There are advantages to each media. A smart filmmaker will realize this and utilize the unique qualities of film to not only condense sections of the book, but also highlight others. If you haven’t read or seen the Hunger Games book or film, you may find sections spoiled.

The movie zoomed through the opening chapters of Hunger Games at light speed. I think they did this to allow them to spend more time on the actual arena combat. Many of the thoughts that Catniss used to express backstory or her attitudes could not transfer to film. For example, her whole story about saving the cat and Prim’s love for it was condensed to a single line: “I’ll still cook you.”

One element I felt they didn’t communicate well was the matter of names and the reaping. The film established that Galen had his name in 42 times, but didn’t go into putting your name in extra times to get food. My guess is that the filmmakers felt this wasn’t as crucial and viewers would get the concept as the film went on. It certainly didn’t bother me.

Rather than put the entire backstory of Peta and the bread and Mom’s zoning out at the start, the film smartly incorporated these into tiny flashbacks. The best was during the tracker jacker delirium scene where Catniss remembered how her dad died and Mom tuned out.

The film also solved a few problems I had with the book. I noticed that Suzanne Collins was one of the screenwriters, so perhaps she took a second look at her material. First, the fact that she never mentioned the position of cameras at any time in the novel really bugged me. It go so that I couldn’t focus on the story. The film handled this with one scene. Catniss climbs a tree and a knot twists to look at her. That one moment alone told us that everything could be a camera.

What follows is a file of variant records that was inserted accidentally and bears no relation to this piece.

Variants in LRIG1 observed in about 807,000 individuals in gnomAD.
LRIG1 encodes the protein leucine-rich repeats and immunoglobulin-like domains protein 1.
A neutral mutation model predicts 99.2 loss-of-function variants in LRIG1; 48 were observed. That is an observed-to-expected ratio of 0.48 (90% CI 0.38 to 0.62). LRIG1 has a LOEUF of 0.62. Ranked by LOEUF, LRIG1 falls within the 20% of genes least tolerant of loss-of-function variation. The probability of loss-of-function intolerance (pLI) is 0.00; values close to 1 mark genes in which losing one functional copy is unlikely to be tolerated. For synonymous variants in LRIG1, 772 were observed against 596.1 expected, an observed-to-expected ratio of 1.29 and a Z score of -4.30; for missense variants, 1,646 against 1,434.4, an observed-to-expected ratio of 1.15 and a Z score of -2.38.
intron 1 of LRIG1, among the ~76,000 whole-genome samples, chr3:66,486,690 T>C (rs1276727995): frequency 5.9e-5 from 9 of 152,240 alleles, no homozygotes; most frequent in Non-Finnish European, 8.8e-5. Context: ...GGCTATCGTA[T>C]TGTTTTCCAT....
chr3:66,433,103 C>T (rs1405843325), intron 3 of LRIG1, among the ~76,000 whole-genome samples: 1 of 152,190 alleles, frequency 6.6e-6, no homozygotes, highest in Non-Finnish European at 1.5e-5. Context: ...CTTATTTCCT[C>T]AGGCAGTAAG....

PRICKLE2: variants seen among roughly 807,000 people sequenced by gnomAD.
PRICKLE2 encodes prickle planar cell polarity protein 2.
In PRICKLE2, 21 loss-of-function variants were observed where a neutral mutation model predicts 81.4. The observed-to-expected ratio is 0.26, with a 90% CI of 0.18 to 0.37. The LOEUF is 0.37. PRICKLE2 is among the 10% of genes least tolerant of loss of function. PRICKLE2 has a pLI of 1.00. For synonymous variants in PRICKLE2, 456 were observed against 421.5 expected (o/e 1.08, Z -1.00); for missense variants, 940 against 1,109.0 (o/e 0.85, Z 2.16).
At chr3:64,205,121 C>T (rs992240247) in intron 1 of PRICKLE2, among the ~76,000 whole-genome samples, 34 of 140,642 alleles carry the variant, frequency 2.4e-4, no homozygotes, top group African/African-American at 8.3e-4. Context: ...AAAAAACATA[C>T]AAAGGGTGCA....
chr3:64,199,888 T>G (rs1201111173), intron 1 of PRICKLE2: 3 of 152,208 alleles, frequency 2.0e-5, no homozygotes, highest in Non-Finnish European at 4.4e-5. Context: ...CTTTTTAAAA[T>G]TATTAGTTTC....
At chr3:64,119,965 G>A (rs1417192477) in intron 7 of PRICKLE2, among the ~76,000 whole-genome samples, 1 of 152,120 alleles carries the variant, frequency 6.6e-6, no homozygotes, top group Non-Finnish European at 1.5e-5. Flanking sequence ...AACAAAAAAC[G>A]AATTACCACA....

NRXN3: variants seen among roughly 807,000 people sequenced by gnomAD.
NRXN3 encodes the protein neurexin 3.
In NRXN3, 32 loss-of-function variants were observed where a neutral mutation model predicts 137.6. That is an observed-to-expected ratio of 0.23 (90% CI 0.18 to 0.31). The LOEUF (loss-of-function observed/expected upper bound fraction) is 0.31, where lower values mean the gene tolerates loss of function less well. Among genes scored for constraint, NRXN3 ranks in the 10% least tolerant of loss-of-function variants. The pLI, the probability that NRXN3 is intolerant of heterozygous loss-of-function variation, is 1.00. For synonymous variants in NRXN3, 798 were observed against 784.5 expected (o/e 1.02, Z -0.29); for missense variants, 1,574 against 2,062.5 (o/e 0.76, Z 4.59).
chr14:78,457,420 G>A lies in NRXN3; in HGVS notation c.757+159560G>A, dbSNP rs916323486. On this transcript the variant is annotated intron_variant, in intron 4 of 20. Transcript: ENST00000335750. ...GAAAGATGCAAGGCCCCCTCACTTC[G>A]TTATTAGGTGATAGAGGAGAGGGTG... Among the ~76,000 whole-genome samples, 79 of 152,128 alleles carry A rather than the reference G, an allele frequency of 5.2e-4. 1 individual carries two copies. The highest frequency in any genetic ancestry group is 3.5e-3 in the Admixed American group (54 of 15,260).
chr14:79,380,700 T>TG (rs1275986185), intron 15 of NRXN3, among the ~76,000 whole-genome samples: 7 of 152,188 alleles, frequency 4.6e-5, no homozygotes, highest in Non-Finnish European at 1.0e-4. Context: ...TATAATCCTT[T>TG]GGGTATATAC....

Also, the novel had a conspiracy plot at the end that felt tacked on. The film provided cut-away scenes with the gamemaker and President Snow that expertly delivered this same feeling without distracting from the plot. The best part of this was the final scene with the gamemaker. The key to films is what they can deliver with a single image. The gamemaker is led to a room and locked in. A bowl with berries (the same that Catniss nearly swallowed to poison herself) were presented on a table. The message was clear. He screwed up and was expected to pay the price. This also underscored the tyranny of the Capitol’s regime.

The film added many scenes showing the gamemaker designing and running the game. This really helped me understand how the arena functioned. I liked seeing them comment on the tracker jackers as well as seeing the dogs being designed. (I didn’t miss that the dogs were former contestants as this bothered me in the book.) One of the best added scenes was the riot in District 11. I know the book was explicit about cutting the scene where Catniss added flowers to Rue’s body so that viewers wouldn’t see it. However, I liked seeing the riots in District 11 and the subsequent put down.

The last element that the film added is a technique I saw before in Green Mile: The Song. Catniss sings a song to Prim at the beginning. I knew right away this would be the same song she’d sing to Rue. It served to create an emotional connection between Catniss’s little sister, and her adopted ward, Rue, in the game.

The next time someone whines about how badly films adapt books, explain to them that a film is not a book. Stories you read and the action unfolds in your mind. The film shows you the action, so it will never match the images in you head.

Tim Kane

Top 10 Vampire Movies You Need to Watch

I have watched A LOT of vampire films. Not all of them are wonderful or even watchable. I recall one, Jugular Wine, that I only lasted fifteen minutes. Don’t take that as a dare to watch it. It’s not worth your effort. Although the film Jesus Christ Vampire Hunter sounds interesting, it is too odd to really enjoy. And then there are the musical numbers (yes, you heard me right).